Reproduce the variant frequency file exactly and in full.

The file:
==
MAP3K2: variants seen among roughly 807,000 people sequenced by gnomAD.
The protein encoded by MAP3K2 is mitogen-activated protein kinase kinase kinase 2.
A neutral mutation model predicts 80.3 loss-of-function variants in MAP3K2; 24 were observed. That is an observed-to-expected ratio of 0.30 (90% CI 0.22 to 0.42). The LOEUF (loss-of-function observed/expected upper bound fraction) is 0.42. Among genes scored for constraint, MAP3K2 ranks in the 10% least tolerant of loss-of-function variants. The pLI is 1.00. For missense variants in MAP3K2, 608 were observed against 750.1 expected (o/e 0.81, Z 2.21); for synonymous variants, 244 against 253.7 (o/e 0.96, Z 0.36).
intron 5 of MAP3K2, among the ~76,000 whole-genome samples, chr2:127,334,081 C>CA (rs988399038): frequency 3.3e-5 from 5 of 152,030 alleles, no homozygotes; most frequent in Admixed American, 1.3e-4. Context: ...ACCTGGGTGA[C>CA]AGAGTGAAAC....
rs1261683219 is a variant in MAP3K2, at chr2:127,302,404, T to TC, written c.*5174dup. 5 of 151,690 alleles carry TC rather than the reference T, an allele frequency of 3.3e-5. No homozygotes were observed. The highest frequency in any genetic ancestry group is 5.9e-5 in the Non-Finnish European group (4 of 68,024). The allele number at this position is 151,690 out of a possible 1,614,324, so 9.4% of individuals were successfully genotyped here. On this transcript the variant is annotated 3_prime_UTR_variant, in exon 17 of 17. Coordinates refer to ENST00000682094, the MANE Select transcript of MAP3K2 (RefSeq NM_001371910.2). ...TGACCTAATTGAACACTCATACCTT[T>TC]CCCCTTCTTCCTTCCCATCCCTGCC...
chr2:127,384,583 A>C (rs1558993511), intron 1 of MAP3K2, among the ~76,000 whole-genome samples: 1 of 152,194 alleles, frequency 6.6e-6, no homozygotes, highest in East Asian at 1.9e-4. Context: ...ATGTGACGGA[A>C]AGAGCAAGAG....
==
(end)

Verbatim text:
MAP3K2: variants seen among roughly 807,000 people sequenced by gnomAD.
The protein encoded by MAP3K2 is mitogen-activated protein kinase kinase kinase 2.
A neutral mutation model predicts 80.3 loss-of-function variants in MAP3K2; 24 were observed. That is an observed-to-expected ratio of 0.30 (90% CI 0.22 to 0.42). The LOEUF (loss-of-function observed/expected upper bound fraction) is 0.42. Among genes scored for constraint, MAP3K2 ranks in the 10% least tolerant of loss-of-function variants. The pLI is 1.00. For missense variants in MAP3K2, 608 were observed against 750.1 expected (o/e 0.81, Z 2.21); for synonymous variants, 244 against 253.7 (o/e 0.96, Z 0.36).
intron 5 of MAP3K2, among the ~76,000 whole-genome samples, chr2:127,334,081 C>CA (rs988399038): frequency 3.3e-5 from 5 of 152,030 alleles, no homozygotes; most frequent in Admixed American, 1.3e-4. Context: ...ACCTGGGTGA[C>CA]AGAGTGAAAC....
rs1261683219 is a variant in MAP3K2, at chr2:127,302,404, T to TC, written c.*5174dup. 5 of 151,690 alleles carry TC rather than the reference T, an allele frequency of 3.3e-5. No homozygotes were observed. The highest frequency in any genetic ancestry group is 5.9e-5 in the Non-Finnish European group (4 of 68,024). The allele number at this position is 151,690 out of a possible 1,614,324, so 9.4% of individuals were successfully genotyped here. On this transcript the variant is annotated 3_prime_UTR_variant, in exon 17 of 17. Coordinates refer to ENST00000682094, the MANE Select transcript of MAP3K2 (RefSeq NM_001371910.2). ...TGACCTAATTGAACACTCATACCTT[T>TC]CCCCTTCTTCCTTCCCATCCCTGCC...
chr2:127,384,583 A>C (rs1558993511), intron 1 of MAP3K2, among the ~76,000 whole-genome samples: 1 of 152,194 alleles, frequency 6.6e-6, no homozygotes, highest in East Asian at 1.9e-4. Context: ...ATGTGACGGA[A>C]AGAGCAAGAG....